Democracy in Crisis: Is It Our Fault? - Amit Kobrowski

This is a golden age for social studies. Despite Common Core and STEM casting us as irrelevant, events have proven that we do not need a test to prove our worth. Far from being about memorizing facts and dates, our subject remains central to the American Project. Seeking to understand what is happening at the ballot box, in the courts, or on the streets, Americans turn to our subject. What our students explore, investigate, and learn about US History creates a shared understanding of who and what we are as a nation. We need to embrace this responsibility.

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Parents
  • Students appear to be more engaged because they feel like what is happening in America relates to them and some of them have been involved in protests and marches which has given them some first hand experiences I can't replicate in the classroom. I think about your question Is it our fault? I don't know if it is our fault but I know my students want to play a part in fixing it and they expect others to want to as well otherwise they see them as the opposition. Do you think that sort of approach will result in lasting positive change?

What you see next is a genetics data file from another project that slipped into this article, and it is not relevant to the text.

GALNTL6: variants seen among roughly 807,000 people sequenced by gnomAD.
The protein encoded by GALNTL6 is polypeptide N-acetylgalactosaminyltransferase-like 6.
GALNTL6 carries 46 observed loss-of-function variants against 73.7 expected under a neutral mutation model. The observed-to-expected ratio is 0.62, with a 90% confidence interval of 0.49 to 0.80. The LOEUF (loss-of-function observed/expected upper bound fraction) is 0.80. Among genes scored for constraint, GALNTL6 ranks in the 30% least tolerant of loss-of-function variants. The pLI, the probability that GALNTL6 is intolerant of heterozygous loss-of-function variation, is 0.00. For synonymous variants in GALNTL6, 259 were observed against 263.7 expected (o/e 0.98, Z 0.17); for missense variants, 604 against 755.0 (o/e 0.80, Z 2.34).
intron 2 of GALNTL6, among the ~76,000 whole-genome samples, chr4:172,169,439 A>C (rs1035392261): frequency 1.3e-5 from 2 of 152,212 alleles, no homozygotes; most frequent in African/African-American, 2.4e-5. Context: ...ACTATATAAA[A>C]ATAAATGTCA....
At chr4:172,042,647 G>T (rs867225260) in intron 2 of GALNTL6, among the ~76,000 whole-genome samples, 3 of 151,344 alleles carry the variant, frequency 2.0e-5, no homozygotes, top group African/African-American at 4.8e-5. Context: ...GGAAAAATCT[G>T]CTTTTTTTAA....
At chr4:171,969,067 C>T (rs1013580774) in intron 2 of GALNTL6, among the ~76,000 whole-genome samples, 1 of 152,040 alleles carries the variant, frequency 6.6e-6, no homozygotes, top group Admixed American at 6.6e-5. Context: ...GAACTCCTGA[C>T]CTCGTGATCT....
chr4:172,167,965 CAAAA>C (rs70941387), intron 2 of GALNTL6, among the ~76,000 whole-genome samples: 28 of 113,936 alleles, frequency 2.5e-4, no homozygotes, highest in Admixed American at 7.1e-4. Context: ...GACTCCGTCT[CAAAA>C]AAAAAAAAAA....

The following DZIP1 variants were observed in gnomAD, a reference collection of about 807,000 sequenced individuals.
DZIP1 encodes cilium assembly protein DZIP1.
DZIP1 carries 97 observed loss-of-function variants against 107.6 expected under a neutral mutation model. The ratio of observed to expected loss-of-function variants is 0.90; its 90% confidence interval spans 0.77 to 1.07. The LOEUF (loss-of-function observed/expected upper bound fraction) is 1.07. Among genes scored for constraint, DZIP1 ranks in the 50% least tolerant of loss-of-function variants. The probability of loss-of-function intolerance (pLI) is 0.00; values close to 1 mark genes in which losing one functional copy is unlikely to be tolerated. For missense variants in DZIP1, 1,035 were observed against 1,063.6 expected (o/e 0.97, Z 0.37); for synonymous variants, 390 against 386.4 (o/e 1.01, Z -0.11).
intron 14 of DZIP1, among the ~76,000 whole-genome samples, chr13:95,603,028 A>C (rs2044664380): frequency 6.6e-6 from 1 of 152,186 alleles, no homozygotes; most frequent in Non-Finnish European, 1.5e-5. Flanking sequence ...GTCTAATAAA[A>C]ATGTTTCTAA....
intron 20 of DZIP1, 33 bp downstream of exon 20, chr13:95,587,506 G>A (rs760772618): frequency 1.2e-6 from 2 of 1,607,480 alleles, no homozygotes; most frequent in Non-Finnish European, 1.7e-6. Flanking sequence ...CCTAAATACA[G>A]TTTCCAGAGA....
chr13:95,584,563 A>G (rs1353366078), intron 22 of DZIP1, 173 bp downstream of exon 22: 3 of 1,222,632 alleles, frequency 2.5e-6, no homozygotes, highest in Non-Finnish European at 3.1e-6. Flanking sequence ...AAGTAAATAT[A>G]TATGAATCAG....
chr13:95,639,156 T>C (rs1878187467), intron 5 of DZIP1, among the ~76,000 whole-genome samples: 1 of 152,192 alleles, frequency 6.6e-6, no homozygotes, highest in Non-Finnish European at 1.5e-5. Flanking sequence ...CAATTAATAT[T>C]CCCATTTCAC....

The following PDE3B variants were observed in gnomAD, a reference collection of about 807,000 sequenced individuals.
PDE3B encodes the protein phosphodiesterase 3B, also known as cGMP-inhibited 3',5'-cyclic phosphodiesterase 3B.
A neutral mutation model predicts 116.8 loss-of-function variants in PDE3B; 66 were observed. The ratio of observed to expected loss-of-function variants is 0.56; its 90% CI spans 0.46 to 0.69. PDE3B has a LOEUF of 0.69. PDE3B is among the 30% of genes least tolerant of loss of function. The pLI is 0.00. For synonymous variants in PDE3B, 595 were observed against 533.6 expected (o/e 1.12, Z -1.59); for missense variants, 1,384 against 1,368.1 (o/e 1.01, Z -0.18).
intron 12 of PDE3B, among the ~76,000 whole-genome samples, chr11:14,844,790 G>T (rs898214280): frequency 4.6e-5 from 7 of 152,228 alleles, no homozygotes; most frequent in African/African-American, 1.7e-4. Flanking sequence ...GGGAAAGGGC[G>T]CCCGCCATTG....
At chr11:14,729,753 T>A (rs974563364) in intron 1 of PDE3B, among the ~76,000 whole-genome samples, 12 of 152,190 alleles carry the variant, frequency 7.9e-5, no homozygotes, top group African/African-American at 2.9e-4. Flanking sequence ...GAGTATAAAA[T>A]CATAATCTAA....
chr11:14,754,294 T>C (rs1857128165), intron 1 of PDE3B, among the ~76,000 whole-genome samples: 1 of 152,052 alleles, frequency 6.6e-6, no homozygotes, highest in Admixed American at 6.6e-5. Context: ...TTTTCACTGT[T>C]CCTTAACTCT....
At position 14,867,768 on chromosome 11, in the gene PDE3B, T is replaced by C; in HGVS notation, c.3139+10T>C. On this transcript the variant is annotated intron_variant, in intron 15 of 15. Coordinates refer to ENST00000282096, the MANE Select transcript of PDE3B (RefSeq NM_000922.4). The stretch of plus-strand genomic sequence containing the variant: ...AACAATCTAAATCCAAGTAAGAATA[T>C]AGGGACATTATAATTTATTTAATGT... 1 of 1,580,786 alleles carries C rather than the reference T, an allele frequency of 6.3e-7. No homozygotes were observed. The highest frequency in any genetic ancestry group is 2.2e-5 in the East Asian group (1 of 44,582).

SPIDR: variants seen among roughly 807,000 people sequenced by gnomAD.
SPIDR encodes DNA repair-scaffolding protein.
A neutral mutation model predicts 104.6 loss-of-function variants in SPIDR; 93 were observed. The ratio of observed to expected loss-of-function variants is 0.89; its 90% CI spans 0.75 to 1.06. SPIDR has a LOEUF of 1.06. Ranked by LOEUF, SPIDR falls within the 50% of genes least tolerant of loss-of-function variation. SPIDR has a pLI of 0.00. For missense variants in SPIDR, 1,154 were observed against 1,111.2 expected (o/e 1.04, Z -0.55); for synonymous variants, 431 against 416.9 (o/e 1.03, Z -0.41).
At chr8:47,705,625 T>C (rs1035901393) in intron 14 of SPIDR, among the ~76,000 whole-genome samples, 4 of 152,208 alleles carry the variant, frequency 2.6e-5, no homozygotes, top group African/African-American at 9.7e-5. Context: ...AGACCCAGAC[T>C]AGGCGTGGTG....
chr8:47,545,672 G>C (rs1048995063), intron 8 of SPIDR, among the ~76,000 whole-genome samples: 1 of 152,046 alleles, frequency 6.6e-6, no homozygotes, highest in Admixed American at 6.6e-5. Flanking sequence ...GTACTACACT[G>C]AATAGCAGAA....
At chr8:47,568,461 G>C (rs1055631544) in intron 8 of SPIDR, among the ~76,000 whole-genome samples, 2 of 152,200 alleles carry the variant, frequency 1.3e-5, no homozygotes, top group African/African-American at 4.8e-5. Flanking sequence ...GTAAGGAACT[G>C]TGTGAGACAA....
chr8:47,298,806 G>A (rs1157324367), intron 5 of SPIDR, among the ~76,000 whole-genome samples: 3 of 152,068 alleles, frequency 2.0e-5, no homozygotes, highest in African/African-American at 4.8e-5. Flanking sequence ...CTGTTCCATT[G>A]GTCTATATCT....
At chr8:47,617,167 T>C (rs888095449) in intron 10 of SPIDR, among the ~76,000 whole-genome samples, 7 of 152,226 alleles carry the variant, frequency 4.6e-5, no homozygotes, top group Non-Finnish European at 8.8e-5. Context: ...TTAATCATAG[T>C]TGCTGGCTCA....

Comment
  • Students appear to be more engaged because they feel like what is happening in America relates to them and some of them have been involved in protests and marches which has given them some first hand experiences I can't replicate in the classroom. I think about your question Is it our fault? I don't know if it is our fault but I know my students want to play a part in fixing it and they expect others to want to as well otherwise they see them as the opposition. Do you think that sort of approach will result in lasting positive change? 

Children